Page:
Feds target illegal speaker programs

Court mallet and stethoscope

Federal and state authorities are pursuing pharmaceutical kickback schemes involving sham speaker programs, including one scheme in which doctors were paid thousands of dollars to prescribe a highly addictive fentanyl spray.

Two former employees of an Arizona pharmaceutical company were arrested last week for allegedly paying physicians for sham educational programs that that often led to social outings at bars and clubs, according to the United States Attorney’s Office for the Southern District of New York. Although the federal indictment did not name the company, the New York Times has linked the employees to Insys Therapeutics. According to the indictment against former sales representative Fernando Serrano, on at least one occasion he took doctors to a strip club and paid for a private table with bottle service.

An indictment included emails sent by former district manager Jonathan Roper, urging sales representatives to push doctors to increase their prescriptions of the spray. During 2014, one doctor was paid as much as $147,245 dollars in speaking fees, which led to nearly $1.2 million in reimbursement for fentanyl prescriptions from Medicare Part D.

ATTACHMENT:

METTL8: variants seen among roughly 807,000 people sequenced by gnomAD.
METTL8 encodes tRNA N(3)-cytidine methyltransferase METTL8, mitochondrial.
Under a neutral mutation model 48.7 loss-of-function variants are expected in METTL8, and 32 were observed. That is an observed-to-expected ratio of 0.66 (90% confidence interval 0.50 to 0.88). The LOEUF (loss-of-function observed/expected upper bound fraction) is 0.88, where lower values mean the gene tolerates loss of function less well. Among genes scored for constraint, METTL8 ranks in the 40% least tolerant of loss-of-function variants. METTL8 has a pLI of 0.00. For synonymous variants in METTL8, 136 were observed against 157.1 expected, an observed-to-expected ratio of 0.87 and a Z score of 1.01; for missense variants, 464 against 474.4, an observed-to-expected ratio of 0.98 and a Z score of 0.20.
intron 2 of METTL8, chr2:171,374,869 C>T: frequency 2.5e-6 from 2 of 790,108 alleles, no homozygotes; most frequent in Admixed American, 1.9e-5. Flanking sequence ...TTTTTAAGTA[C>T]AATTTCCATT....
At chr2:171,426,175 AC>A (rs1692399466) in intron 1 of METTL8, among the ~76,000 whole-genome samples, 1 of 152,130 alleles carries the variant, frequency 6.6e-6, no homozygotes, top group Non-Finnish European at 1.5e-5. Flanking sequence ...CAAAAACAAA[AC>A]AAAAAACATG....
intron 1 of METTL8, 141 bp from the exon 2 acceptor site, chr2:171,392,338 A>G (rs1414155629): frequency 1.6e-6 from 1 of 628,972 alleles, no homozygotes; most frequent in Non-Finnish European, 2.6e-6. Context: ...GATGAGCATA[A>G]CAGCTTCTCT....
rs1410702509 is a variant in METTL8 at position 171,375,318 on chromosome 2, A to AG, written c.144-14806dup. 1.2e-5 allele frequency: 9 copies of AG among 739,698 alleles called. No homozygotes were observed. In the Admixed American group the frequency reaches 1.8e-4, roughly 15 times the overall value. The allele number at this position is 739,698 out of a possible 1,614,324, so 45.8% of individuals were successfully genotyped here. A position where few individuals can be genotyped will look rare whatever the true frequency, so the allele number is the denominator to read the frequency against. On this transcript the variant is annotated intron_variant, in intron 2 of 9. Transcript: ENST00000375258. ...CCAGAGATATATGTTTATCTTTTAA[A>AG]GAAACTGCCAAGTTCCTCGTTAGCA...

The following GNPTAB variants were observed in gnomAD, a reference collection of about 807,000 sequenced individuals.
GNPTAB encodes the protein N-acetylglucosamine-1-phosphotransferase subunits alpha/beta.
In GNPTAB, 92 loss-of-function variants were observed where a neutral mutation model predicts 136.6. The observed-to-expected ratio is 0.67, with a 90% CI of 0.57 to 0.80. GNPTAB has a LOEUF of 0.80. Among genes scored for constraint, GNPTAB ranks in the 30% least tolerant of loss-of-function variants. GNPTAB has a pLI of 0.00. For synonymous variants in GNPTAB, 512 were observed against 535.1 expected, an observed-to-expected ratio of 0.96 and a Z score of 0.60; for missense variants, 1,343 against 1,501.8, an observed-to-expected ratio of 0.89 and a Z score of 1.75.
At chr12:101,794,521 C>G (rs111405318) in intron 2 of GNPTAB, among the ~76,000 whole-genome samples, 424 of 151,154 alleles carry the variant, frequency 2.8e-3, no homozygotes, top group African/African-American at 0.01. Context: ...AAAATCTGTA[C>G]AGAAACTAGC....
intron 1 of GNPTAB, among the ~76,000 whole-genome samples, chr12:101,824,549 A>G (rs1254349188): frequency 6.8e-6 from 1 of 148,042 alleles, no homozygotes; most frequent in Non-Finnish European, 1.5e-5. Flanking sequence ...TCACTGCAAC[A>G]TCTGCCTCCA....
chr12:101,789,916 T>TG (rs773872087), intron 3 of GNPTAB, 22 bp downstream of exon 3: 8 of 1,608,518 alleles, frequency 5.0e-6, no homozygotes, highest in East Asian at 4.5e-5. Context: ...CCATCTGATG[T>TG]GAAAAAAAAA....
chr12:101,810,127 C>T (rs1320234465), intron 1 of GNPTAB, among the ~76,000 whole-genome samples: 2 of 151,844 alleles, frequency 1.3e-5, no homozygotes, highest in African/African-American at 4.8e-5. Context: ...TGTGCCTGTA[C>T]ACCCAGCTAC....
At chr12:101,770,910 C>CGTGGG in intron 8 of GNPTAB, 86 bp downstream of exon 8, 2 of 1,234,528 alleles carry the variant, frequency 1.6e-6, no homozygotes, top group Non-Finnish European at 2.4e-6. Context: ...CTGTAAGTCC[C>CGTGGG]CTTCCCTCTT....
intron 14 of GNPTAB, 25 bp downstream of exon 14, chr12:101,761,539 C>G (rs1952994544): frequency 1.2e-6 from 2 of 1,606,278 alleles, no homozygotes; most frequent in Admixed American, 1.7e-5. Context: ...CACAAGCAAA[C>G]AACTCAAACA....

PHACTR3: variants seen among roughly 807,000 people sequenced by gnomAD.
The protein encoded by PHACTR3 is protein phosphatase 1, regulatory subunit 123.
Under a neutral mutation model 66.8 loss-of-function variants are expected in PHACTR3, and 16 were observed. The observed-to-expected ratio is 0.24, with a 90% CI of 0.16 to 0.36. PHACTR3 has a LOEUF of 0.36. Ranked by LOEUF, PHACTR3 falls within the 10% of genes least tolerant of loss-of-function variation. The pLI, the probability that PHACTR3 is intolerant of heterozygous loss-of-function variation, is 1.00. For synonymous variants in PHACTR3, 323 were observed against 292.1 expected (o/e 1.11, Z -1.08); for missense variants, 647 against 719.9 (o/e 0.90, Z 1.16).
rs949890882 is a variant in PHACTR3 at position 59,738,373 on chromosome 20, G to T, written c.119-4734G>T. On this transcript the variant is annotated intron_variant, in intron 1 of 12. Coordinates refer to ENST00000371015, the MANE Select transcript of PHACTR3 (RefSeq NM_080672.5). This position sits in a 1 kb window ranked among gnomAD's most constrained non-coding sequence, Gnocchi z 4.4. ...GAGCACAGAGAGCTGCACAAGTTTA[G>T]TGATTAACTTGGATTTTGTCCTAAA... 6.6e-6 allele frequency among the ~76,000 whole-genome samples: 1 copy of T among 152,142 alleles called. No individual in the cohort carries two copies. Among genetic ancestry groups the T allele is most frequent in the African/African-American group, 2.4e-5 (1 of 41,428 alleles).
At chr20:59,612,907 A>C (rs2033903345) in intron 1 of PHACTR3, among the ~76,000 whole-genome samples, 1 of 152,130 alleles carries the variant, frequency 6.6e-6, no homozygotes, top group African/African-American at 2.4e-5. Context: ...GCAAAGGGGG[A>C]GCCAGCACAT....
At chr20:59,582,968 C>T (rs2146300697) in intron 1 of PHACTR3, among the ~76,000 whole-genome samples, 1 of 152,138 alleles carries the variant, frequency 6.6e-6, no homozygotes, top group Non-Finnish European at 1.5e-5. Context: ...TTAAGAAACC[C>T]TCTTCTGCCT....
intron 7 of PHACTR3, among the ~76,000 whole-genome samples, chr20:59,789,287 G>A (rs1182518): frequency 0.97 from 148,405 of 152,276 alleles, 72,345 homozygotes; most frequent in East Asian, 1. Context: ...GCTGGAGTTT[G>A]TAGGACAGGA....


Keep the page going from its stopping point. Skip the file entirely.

The indictments referenced several doctors that accepted payments, but did not name them. Patrick Burns, the executive director of Taxpayers Against Fraud, told the Times that the government was likely “zeroing in” on Insys as part of a “larger corporate hunt.” Government prosecutors have been more focused on corporate integrity and individual accountability since the release of the Yates memo last year.

That same day, the same U.S. Attorney’s Office announced a $54 million settlement with Salix Pharmaceuticals, which was acquired by Valeant Pharmaceuticals International in 2015, to resolve allegations the company held sham speaker programs at high end restaurants where a pre-made video was often ignored.

In the midst of an opioid epidemic, pharmaceutical manufacturers are facing investigations and lawsuits involving the marketing of opioids. In some cases, physicians have been charged with murder for overprescribing prescription painkillers.

For more:
- here’s the DOJ release
- read the New York Times article
- see the indictment against Roper
- here’s the indictment against Serrano

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